September 13, 2012 report
Experimental drug found to reduce nicotine craving
(Medical Xpress)—Researchers at the Aptuit Centre for Drug Discovery and Development in Italy, have found that a drug called GSK598809 is able to block a type of dopamine receptor in the brain that has been linked to nicotine addiction. The team, studying the impact of the drug on baboons and mice has found, as they describe in their paper published in the journal Neuropsychopharmacology, that when delivered to the brain, the drug appears able to reduce the cravings for nicotine found in the smoke of cigarettes and thus may someday soon serve as an aide to quitting the habit that kills millions the world over every year.
As with most addictions, the root cause of an addiction to nicotine is that it causes the release of dopamine into the brain which is picked up by receptors. Over time the brain comes to expect the small dose to arrive in regular intervals and when it stops, severe cravings result that that make it extremely difficult to ignore. The result for many people is a long, lung destroying habit.
In this new research the team working out of a lab formerly owned by British drug-making giant, GlaxoSmithKline, tested the drug on baboons and rats by first getting them addicted to nicotine and then giving them GSK598809. They followed that up by performing brain scans which allowed them to see the actual impact of both the nicotine and drug on the brain. The results have been so promising that the team reports that they are now ready to begin clinical trials with people.
This new research was built on previous studies that showed that nicotine increased the release of dopamine into the pallidum, ventral striatum and midbrain, the parts of the brain that are now believed to be involved in nicotine addiction. GSK598809 doesn't prevent this from happening, but instead causes the brain receptors that react (D3 receptors) to not be so sensitive to its presence. Performing brain imaging allowed the researchers to see that the drug was making it to where it was supposed to go in the brain and to chart the amount of sensitivity that came about as a result; and because of this, the researchers were able to fine tune the amount of the drug needed to dull the addictive cravings in humans and actually ran a few test trials which they report did indeed reduce cravings in smokers.
The researchers say they believe GSK598809, once it undergoes more thorough testing, will one day be added to the list of drugs currently used to help people quit smoking and because it will prevent the associated cravings, will also help prevent relapse which is so common among those that try to quit.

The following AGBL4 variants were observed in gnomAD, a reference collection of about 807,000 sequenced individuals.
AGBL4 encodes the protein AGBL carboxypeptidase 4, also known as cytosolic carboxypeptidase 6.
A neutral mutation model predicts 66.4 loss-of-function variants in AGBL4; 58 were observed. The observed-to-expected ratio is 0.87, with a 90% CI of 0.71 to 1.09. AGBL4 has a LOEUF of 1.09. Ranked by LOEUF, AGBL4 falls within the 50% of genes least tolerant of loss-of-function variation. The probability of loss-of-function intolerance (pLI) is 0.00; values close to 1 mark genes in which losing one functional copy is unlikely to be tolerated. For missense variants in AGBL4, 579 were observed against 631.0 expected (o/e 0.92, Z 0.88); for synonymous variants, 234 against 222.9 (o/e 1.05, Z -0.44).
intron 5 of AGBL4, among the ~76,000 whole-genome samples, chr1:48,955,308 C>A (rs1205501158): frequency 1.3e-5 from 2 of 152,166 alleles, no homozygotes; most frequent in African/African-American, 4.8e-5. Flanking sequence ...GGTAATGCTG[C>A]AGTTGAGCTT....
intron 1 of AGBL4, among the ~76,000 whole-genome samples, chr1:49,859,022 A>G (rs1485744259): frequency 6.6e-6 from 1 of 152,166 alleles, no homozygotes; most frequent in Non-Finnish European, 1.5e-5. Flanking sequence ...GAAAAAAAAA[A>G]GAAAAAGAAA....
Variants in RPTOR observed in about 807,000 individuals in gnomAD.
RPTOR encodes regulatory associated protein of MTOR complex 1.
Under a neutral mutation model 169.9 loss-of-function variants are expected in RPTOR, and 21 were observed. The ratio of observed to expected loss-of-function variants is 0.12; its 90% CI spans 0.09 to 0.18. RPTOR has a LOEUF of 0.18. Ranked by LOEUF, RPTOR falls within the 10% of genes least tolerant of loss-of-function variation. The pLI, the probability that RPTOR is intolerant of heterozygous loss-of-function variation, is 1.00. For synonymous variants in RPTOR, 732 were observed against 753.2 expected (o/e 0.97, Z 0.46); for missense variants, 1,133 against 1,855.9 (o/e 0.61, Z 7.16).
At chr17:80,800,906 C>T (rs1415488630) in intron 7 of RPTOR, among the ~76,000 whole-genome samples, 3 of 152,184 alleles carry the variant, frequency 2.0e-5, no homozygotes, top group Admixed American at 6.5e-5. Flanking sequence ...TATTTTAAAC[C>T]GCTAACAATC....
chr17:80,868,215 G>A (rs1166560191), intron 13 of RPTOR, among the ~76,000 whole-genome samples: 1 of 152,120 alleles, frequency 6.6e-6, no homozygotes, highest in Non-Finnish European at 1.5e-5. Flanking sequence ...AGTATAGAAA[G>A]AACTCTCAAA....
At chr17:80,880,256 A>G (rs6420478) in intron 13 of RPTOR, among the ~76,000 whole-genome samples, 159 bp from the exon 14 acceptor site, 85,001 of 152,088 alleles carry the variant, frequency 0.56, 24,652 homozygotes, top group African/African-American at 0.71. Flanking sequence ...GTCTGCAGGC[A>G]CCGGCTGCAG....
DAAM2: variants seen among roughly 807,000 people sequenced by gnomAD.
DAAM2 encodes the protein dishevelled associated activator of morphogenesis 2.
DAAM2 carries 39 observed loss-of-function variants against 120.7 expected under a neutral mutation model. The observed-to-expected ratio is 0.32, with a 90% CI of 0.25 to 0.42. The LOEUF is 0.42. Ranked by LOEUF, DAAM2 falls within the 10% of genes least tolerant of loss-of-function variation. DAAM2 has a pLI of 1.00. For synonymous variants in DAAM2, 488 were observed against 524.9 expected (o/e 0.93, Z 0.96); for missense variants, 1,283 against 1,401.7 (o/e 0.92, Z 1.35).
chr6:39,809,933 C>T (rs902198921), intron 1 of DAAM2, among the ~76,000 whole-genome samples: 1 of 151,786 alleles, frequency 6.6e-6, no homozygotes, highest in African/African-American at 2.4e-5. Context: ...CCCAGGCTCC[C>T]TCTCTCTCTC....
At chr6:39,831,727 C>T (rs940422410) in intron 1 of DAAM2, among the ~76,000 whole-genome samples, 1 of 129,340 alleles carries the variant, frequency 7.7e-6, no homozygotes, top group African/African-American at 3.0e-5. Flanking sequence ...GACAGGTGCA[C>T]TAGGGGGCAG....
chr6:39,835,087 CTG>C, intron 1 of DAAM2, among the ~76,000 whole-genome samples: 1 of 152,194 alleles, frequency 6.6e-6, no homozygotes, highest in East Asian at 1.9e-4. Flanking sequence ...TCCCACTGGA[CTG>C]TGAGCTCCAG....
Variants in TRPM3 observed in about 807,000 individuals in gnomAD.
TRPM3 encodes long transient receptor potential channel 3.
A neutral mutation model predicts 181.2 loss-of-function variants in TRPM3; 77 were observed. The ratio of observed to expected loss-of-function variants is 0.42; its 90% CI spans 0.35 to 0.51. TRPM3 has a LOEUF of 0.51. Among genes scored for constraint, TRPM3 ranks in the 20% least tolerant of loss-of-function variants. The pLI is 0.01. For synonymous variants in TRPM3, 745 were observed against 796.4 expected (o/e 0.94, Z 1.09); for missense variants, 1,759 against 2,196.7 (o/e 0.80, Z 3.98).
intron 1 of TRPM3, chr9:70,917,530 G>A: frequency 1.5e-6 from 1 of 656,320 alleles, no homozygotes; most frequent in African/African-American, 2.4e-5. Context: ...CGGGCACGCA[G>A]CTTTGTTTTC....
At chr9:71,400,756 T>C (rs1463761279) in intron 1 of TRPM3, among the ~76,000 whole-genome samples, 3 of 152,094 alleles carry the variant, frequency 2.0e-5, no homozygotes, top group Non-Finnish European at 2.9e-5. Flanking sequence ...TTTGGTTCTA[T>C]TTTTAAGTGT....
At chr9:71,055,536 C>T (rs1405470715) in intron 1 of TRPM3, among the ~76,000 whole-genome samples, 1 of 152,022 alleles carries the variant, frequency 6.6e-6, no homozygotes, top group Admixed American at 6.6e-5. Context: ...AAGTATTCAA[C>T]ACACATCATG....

Selective dopamine D3 receptor (D3R) antagonists prevent reinstatement of drug-seeking behavior and decrease the rewarding effects of contextual cues associated with drug intake preclinically, suggesting that they may reduce drug craving in humans. GSK598809 is a selective D3R antagonist recently progressed in Phase I trials. The aim of this study was to establish a model, based on the determination of the occupancy of brain D3Rs (OD3R) across species, to predict the ability of GSK598809 to reduce nicotine-seeking behavior in humans, here assessed as cigarette craving in smokers. Using ex vivo [125I](R)-trans-7-hydroxy-2-[N-propyl-N-(3′-iodo-2′-propenyl)amino] tetralin ([125I]7OH-PIPAT) autoradiography and [11C]PHNO positron emission tomography, we demonstrated a dose-dependent occupancy of the D3Rs by GSK598809 in rat, baboon, and human brains. We also showed a direct relationship between OD3R and pharmacokinetic exposure, and potencies in line with the in vitro binding affinity. Likewise, GSK598809 dose dependently reduced the expression of nicotine-induced conditioned place preference (CPP) in rats, with an effect proportional to the exposure and OD3R at every time point, and 100% effect at OD3R values 72%. In humans, a single dose of GSK598809, giving submaximal levels (72–89%) of OD3R, transiently alleviated craving in smokers after overnight abstinence. These data suggest that either higher OD3R is required for a full effect in humans or that nicotine-seeking behavior in CPP rats only partially translates into craving for cigarettes in short-term abstinent smokers. In addition, they provide the first clinical evidence of potential efficacy of a selective D3R antagonist for the treatment of substance-use disorders.
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